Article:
businessman with injured wrist working on computer

Workers’ compensation is an issue that commonly arises in primary care practices, and is something that physicians are often asked to comment on; specifically, return-to-work. Return-to-work is an approach that involves partnerships between injured workers, employers, union representatives, and health care providers in an effort to return the worker back to health. Although workers’ compensation is a common part of medical care, it can be confusing to providers and medical practices. To better understand workers’ comp, It’s helpful to review expectations of treatment and how to manage the various return-to-work issues.

Workers’ compensation is perceived to be more complex than it actually is. This, coupled with legalities surrounding these cases, has created a reluctance to care for patients who have been injured on the job. However, treating workman’s compensation patients for their physical ailments is no different than any other part of medicine. These cases are sometimes made more complicated due to the related psychosocial issues.

When treating individuals with workers’ compensation injuries, the return-to-work aspect of their treatment should be addressed almost immediately, possibly on the first evaluation. Goals should be stated clearly, which are to heal the injury and return the patient to the healthiest state possible. Part of returning to health is returning to normal activities.

It is known that when you take an individual out of work, it leads to other psychological and financial stresses. In addition, people who become disabled/are placed on disability actually deteriorate in their overall health status. When dealing with workers’ compensation injured individuals, the return-to-work is the part of their healing process where they return to normal activities. Promoting a return to normal activities, which includes work, is very beneficial to the patient.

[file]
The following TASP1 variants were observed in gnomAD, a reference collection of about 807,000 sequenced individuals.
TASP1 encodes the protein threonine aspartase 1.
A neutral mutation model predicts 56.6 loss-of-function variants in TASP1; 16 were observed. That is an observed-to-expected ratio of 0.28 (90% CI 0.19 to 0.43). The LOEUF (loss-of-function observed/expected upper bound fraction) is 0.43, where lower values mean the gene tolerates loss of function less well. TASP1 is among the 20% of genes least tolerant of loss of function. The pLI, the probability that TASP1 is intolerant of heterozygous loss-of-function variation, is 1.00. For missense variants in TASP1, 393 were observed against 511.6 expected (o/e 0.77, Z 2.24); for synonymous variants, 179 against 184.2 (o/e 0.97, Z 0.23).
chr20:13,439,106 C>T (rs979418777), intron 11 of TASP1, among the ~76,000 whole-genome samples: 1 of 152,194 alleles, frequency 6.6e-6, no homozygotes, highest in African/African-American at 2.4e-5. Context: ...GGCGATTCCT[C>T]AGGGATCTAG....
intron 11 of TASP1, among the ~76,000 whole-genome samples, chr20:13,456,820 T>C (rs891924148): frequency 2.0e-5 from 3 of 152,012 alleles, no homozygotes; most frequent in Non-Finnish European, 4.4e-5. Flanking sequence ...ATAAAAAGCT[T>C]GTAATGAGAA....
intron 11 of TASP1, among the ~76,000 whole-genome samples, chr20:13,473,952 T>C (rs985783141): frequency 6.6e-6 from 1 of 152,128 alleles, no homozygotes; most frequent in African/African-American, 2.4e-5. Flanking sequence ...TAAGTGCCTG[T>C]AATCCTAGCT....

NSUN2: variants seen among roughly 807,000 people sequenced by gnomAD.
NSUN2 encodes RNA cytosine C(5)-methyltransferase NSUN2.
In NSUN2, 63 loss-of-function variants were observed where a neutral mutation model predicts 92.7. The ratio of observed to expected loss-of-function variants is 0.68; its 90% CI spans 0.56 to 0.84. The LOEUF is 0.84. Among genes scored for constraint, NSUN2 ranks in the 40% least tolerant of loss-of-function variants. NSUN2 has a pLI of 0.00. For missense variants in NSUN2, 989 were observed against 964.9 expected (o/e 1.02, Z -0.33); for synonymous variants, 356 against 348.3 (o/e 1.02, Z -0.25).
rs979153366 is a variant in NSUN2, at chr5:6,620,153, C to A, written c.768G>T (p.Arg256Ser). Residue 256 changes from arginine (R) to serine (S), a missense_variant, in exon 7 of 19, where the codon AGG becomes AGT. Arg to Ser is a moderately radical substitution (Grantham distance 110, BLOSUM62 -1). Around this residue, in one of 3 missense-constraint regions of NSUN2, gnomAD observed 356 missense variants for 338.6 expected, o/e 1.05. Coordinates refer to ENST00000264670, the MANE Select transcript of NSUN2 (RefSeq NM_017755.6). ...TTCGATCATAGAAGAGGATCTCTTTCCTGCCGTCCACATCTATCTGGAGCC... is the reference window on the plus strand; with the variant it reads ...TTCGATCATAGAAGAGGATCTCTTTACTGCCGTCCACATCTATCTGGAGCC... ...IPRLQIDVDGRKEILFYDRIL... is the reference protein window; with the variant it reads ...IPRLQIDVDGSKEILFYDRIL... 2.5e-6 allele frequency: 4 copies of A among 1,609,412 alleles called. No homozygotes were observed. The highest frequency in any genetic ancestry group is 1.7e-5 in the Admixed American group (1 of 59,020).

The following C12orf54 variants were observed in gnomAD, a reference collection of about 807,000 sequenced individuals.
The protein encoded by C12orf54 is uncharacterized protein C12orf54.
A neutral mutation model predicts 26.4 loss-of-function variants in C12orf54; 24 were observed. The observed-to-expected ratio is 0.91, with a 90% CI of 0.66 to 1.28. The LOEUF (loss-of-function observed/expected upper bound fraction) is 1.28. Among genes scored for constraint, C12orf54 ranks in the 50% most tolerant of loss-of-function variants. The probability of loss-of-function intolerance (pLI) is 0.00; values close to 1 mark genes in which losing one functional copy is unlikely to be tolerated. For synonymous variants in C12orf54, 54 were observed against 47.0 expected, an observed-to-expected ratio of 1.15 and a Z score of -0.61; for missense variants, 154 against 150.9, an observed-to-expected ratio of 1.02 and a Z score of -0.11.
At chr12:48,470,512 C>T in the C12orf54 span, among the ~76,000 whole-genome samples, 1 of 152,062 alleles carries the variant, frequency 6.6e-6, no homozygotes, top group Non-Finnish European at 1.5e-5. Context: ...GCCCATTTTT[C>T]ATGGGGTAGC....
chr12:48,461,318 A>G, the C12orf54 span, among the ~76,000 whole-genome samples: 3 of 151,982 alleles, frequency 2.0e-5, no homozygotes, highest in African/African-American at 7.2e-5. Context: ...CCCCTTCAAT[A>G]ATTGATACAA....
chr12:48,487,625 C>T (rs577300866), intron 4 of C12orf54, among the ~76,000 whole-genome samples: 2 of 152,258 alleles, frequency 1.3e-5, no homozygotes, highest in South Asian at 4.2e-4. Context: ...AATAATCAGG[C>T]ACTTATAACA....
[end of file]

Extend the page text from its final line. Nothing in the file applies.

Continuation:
Numerous scientific studies have shown benefits of returning an individual to work activities. In addition, physician organizations have made statements supporting return-to-work. These organizations include the American Academy of Orthopaedic Surgeons, the American Medical Association, the Canadian Medical Association, and the American College of Occupational and Environmental Medicine.

Most individuals can return to some form of work activity, within restrictions, as soon as their medical condition becomes stable. However, also needed is the cooperation of employers to accept individuals back to work with modifications. As physicians, we are asked to place restrictions on individuals, which can be confusing. It is important physicians know:

  • What an individual’s work involves
  • All possible restrictions available
  • Specific functions of their work
  • Can the individual get to work?


As physicians, our primary concerns with returning an individual to any activity will be:

  1. What is their capacity or what are their abilities to do activities?
  2. Will returning the individual to work put them at increased risk of re-injury?
  3. Will the individual be able to tolerate that type of work activity?


The injured individual, however, has different priorities:

  1. Will they be able to tolerate return to work?
  2. Will there be a risk of re-injury?
  3. Do they have the capacity to return to work?


As you can see, the focus and concern with return-to-work are very different for the patient and for the physician. The treating physician needs to make it known to the injured worker that they have their best interests, including those that are psychological, in mind when returning an individual to work.

Using the return-to-work approach and clearly stating its goals initially can reduce stress for all parties when treating individuals with workers’ compensation injuries. More importantly, it’s often an effective and efficient way to return the patient to pre-injury status.